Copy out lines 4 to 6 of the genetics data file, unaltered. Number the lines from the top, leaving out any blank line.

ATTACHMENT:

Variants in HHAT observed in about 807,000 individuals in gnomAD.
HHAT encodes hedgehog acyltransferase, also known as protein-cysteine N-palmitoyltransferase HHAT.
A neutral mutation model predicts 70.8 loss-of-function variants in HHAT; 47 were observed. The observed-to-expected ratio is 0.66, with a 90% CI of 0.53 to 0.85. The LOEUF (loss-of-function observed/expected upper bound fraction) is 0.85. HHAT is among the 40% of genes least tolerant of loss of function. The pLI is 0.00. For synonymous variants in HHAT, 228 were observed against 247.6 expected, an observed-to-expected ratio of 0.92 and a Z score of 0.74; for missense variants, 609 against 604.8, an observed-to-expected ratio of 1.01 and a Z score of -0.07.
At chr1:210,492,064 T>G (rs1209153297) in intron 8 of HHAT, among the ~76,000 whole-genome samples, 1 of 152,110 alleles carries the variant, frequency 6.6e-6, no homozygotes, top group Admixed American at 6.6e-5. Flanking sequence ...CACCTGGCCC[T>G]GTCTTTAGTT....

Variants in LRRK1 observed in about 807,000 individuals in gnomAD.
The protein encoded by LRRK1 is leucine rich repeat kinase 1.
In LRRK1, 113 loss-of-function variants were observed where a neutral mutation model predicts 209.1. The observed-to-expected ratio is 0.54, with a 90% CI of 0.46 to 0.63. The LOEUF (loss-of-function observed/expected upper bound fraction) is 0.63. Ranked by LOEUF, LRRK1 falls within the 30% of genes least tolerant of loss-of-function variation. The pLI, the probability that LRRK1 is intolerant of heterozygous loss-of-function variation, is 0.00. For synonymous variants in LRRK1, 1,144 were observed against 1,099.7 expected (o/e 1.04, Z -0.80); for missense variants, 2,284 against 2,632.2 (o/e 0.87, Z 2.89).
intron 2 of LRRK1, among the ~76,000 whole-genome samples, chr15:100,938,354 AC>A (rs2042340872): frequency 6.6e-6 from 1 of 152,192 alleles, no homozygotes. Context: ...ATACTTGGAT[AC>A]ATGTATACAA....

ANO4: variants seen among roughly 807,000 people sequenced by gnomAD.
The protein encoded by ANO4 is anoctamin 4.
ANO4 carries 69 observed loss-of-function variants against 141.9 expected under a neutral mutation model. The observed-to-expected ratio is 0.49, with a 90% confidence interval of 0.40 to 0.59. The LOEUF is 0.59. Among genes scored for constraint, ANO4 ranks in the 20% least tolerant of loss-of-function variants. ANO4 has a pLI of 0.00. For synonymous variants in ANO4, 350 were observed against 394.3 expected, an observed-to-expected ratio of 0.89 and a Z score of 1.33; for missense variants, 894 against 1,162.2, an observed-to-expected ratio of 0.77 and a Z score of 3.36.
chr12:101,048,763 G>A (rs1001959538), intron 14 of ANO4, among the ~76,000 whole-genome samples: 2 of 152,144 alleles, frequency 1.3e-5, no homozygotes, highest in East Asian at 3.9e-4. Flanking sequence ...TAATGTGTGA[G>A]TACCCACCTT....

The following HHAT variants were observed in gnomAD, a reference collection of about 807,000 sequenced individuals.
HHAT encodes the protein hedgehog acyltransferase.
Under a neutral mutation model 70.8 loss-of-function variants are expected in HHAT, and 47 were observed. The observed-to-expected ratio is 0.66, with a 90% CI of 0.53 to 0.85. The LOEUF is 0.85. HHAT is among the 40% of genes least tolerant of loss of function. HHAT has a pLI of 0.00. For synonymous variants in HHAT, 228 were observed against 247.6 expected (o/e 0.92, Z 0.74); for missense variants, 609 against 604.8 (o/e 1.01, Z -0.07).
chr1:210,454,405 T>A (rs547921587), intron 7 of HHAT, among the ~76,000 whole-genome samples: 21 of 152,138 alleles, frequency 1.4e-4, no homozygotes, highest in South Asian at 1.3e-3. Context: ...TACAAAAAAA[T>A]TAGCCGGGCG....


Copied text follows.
At chr1:210,492,064 T>G (rs1209153297) in intron 8 of HHAT, among the ~76,000 whole-genome samples, 1 of 152,110 alleles carries the variant, frequency 6.6e-6, no homozygotes, top group Admixed American at 6.6e-5. Flanking sequence ...CACCTGGCCC[T>G]GTCTTTAGTT....

Variants in LRRK1 observed in about 807,000 individuals in gnomAD.
The protein encoded by LRRK1 is leucine rich repeat kinase 1.